Vegetables to Grow Together
Certain vegetables, such as tomatoes and peppers, should be grown together during a particular season. Planting same-season vegetables together ensures a bountiful harvest throughout the period since each vegetable typically matures at a slightly different time. Cool season vegetables should never be planted with warm season types and visa versa since high or low temperatures can quickly kill off or doom certain vegetables. Planting like-vegetables together, such as tender or frost tolerant varieties, is also commonly employed in home gardens. Certain crops also do better in containers than others, so growing those types together is also recommended.
Warm Season Vegetables
Warm season vegetables should be planted well after the threat of frost has passed in a region. They thrive in warmer soils and temperatures and typically will suffer if cooler temperatures prevail for a longer period of time than expected. Vine crops such as cantaloupe and cucumbers should be planted and grown together. Peppers, tomatoes, beans and eggplant are also popular warm season vegetables that can be grown together. These vegetables should be planted in well-draining soil in a region that receives full sun exposure. Adequate water is required, but be careful not to wet the plant too much as this can lead to over-watering. Harvest crops once they become ripe to encourage additional production of fruit throughout the rest of the season.
- Certain vegetables, such as tomatoes and peppers, should be grown together during a particular season.
- Warm season vegetables should be planted well after the threat of frost has passed in a region.
Cool Season Vegetables
Cool season vegetables are generally tolerant of frost and should be planted together for best results. These vegetables can be planted much earlier than warm-season types, typically several weeks before the last frost has settled. Cauliflower, carrots, broccoli, cabbage, asparagus, spinach, peas and lettuce are all hardy cool season vegetables that do well when planted together in the cool seasons of spring and fall. Root crops and leafy vegetables typically do well in partial shade, so grow these types together in the shadier regions of the garden to reserve full sun areas for warm-season fruits and sun-loving plants. Harvest time for cool-season vegetables vary, but leafy types can generally be picked once the leaves are of usable size.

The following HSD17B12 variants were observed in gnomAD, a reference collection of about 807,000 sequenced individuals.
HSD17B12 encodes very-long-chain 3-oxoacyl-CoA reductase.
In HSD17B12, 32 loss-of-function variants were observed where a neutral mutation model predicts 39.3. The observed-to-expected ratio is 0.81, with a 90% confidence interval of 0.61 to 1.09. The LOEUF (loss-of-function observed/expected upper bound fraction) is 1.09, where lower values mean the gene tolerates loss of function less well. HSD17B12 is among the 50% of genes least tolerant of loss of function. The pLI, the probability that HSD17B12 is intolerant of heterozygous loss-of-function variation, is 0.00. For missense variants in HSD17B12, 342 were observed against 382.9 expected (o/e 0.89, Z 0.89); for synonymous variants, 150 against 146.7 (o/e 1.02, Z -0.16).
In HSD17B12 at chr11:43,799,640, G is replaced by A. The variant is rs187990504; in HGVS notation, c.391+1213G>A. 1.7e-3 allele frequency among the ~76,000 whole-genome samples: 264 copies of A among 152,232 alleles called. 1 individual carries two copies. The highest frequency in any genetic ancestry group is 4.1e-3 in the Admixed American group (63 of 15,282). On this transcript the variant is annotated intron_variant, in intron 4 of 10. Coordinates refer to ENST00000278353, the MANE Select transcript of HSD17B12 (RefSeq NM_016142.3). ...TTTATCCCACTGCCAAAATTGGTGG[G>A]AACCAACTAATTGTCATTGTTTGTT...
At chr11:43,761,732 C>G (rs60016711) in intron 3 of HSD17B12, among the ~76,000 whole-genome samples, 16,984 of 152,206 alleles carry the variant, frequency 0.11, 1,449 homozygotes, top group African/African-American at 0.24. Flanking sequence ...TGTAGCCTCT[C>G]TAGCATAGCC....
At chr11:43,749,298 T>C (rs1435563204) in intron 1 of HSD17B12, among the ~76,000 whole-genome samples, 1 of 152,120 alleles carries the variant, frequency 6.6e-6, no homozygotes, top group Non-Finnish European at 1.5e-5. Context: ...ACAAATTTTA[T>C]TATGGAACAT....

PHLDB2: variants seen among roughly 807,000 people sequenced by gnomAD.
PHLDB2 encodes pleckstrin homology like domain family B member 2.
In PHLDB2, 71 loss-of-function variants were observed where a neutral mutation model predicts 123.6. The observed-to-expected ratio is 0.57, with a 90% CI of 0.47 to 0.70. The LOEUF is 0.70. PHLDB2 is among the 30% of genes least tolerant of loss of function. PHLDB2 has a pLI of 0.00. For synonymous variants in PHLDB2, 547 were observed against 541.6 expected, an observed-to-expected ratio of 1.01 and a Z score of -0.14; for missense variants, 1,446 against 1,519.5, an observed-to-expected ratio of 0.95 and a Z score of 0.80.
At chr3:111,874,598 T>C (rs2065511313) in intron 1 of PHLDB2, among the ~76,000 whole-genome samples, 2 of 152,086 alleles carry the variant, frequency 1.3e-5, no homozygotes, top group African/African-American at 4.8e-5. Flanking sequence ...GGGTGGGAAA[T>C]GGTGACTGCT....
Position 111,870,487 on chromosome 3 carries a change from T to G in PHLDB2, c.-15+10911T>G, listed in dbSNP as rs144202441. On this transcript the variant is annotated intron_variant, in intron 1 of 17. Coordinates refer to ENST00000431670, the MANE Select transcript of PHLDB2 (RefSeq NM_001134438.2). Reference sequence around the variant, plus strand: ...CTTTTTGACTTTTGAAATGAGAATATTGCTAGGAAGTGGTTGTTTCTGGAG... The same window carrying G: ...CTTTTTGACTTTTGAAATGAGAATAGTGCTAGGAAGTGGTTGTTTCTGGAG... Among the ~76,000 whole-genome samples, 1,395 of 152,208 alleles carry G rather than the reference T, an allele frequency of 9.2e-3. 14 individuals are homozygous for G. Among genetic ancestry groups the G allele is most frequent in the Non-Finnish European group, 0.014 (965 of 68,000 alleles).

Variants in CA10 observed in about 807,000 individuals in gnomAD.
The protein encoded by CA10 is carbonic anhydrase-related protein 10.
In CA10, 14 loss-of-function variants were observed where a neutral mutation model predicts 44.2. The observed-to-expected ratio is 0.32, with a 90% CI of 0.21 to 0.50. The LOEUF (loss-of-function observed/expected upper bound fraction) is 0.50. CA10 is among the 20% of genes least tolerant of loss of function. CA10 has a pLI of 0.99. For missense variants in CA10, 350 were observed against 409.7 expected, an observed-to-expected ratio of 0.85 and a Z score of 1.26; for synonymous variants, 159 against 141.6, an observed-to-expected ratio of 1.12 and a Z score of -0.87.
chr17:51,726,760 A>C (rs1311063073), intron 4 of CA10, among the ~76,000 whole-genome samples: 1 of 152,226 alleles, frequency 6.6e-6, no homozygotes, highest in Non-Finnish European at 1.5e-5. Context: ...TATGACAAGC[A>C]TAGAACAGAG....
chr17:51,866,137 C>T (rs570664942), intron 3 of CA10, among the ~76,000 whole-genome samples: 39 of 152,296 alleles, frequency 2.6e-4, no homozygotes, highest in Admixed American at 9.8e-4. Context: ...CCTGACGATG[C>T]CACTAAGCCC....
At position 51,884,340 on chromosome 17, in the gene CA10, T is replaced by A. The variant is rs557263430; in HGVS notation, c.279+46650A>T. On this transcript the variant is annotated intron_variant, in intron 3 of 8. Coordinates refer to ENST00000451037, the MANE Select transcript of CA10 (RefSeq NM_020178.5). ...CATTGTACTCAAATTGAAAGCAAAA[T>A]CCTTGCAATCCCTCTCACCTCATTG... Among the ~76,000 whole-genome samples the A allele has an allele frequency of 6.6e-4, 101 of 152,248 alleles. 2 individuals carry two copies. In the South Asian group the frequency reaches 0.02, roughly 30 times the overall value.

Several vegetables are suitable for container planting and should be grown together in container gardens. Tomatoes typically do well in containers provided they have adequate sun, drainage and room for root development. Peppers, zucchini and green onions are also good choices for container gardens. Some leafy vegetables such as spinach and lettuce do well in containers and can be grown together as well. Be sure to plant vegetables in 3-to-5 gallon pots for optimal growth. Apply fertilizer for additional nutrients since the plant is not able to receive them from the ground soil.
- Cool season vegetables are generally tolerant of frost and should be planted together for best results.
- Harvest time for cool-season vegetables vary, but leafy types can generally be picked once the leaves are of usable size.
Rachel Campbell has been writing professionally for several years. Her work has appeared in print magazines such as "Ft. Thomas Living" and "Bend of the River." Campbell holds a Bachelor of Science degree in biblical studies and psychology from Cincinnati Christian University. As a garden enthusiast, Campbell enjoys discovering new varieties of flowers and plants.